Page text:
They also procreated.

    I bet you can deduce a lot from what I have to say. But humans are a dumb species in general. I have met smarter animals, usually large predators that don't hang out near people in plain site are smarter then most people.

  • Re:Turns out (Score:5, Interesting)

    by KingSkippus (799657) on Monday March 11, 2013 @06:51PM (#43143657) Homepage Journal

    Funny, but it does make me wonder. While I'm not gay, I do tend to like statuses and pages that have to do with gay rights, and several of my friends on Facebook are gay, yet I still see ads all the time for single ladies in my area. It makes me wonder: 1) Has Facebook accurately pegged me as straight (or bisexual) even though I haven't given it any direct indication of what I am, 2) has Facebook not made the connection and/or advertisers don't care, just spamming their ads to all males, or 3) is Facebook using some other algorithm that happens to be accurate for me, but generally less accurate for the population as a whole? Personally, I think #2 is correct.

    I'd like to see a page about me that says, "Here's the information you've provided, and here's the information we're inferring from what we know about you." I suppose they'd never do that because it might very well creep people out too much, but then, it might get people whose inferences are wrong to directly supply the information to them.

  • Re:Turns out (Score:5, Interesting)

    by 246o1 (914193) on Monday March 11, 2013 @07:00PM (#43143731)

    I'd like to see a page about me that says, "Here's the information you've provided, and here's the information we're inferring from what we know about you." I suppose they'd never do that because it might very well creep people out too much, but then, it might get people whose inferences are wrong to directly supply the information to them.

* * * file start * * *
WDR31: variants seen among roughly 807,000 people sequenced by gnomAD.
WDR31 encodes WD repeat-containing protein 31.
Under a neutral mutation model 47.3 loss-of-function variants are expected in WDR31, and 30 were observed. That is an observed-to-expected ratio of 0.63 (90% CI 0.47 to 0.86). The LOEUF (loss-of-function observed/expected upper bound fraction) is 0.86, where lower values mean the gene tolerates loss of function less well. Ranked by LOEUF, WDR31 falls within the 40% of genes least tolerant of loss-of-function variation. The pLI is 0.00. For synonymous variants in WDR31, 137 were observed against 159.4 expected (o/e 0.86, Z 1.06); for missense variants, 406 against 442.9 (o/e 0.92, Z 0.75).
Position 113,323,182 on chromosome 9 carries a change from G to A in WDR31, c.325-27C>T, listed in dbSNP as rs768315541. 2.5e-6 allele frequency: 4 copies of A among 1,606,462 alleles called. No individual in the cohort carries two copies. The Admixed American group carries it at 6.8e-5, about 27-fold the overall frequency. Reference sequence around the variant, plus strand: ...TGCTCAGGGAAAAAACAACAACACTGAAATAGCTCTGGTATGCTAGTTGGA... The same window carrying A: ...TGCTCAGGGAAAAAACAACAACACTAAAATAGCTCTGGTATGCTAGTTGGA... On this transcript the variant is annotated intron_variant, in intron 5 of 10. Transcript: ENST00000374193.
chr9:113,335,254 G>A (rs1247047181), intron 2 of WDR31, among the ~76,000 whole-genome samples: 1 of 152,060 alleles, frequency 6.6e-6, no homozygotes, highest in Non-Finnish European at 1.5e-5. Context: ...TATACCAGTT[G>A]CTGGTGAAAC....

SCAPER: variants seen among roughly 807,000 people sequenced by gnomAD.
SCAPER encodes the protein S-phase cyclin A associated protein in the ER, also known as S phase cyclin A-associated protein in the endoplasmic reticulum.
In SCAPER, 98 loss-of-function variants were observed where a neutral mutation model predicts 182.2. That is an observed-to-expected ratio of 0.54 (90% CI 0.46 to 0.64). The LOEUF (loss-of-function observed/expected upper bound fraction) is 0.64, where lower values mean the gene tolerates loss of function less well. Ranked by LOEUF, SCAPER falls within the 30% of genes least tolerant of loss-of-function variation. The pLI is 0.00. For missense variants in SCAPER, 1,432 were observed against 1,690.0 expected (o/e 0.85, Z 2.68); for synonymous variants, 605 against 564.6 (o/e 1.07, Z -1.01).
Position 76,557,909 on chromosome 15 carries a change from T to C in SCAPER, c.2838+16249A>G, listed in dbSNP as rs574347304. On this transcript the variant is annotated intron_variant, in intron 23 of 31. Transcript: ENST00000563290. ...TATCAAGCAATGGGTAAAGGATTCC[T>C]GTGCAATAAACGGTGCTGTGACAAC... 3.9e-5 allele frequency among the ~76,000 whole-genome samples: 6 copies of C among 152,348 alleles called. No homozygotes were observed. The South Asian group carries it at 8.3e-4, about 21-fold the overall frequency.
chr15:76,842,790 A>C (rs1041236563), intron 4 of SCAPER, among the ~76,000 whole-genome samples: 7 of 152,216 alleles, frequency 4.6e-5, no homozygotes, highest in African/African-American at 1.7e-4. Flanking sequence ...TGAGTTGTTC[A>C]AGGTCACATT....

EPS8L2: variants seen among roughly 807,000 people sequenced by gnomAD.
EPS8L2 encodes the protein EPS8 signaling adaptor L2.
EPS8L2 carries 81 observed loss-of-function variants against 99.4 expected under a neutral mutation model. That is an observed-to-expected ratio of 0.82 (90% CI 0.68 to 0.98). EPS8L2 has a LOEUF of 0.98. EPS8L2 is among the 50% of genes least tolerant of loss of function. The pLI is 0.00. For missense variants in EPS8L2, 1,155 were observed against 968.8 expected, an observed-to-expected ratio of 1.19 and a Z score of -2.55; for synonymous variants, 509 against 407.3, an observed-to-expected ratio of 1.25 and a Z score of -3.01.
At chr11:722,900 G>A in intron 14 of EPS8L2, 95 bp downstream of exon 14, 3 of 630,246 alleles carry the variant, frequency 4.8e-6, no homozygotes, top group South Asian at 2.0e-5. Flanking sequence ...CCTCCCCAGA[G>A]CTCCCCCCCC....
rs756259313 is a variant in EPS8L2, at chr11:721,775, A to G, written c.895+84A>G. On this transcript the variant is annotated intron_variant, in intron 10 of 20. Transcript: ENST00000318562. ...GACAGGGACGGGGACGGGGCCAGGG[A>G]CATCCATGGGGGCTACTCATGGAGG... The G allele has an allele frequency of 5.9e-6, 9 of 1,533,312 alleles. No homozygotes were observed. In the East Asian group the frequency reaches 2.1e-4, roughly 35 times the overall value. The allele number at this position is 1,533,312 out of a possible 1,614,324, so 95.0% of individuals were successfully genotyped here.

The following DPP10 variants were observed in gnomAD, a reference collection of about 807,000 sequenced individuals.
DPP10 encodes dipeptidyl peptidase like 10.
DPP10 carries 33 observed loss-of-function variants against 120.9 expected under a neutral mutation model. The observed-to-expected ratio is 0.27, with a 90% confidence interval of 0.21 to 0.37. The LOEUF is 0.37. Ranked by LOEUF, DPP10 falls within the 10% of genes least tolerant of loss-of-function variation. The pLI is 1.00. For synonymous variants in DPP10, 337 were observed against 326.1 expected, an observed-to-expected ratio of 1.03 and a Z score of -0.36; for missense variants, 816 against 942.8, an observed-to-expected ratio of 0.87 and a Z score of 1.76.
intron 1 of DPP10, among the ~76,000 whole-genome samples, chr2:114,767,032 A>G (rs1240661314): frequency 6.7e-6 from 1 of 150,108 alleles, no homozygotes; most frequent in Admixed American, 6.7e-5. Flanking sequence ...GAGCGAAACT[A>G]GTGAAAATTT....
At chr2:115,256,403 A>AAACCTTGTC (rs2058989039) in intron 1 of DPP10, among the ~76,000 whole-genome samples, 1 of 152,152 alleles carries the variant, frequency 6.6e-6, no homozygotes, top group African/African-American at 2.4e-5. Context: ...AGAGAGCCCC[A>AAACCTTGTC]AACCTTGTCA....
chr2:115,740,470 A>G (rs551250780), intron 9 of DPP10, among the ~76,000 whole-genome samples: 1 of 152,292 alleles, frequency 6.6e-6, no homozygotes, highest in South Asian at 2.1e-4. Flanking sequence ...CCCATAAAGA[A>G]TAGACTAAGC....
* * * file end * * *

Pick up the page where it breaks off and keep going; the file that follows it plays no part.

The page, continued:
BlueKai does something similar (except it's for a wide range of display advertising, not just facebook) - they infer things about you based on your browsing history and use that to target ads at you. They are all over the web, so they have a good amount of information, but the surprising thing to me is that they let you look at your profile on their website - http://www.bluekai.com/registry/ [bluekai.com] is the place to find it.

    I don't work for BlueKai, or even for a company that uses them.

  • Re:But (Score:4, Interesting)

    by GumphMaster (772693) on Monday March 11, 2013 @07:09PM (#43143821)

    Now not having a Facebook account is treated by HR departments as suspicious behavior.

    This, I fear, is quite believable given some of the looks of incredulity I have had when asked by HR for my mobile (cell, for our American brethren) number. I politely decline on the grounds that I neither own nor want a mobile phone. One HR drone even accused me of being dishonest because it was so far beyond her youthful experience as to be unbelievable that one could survive without a mobile. Heck, our home phone when I was a child was made of bakelite and had a handle on the front you turned vigorously to get the operator's attention: our complete phone number was "78". (For the record I am only 45.)

  • Just The Tip (Score:5, Interesting)

    by Bob9113 (14996) on Monday March 11, 2013 @07:14PM (#43143867) Homepage

    found that sensitive personal characteristics about people can be accurately inferred from information in the public domain.

    I've done this stuff, for both ad targeting and music targeting, and I understand the math. Knowing whether you are gay is just the tip of the iceberg.

    From the data it can be inferred whether you believe Bradley Manning was justified, whether you think it is treason for a politician to support warrantless surveillance, and whether you believe the "four boxes" epigram is relevant in the current context.

    It can be inferred how you react to various turns of phrase, which ways of presenting an idea will ring with you, and therefore how to present a story to you, such that you will be likely to repeat the sound bites on one side of the issue or the other.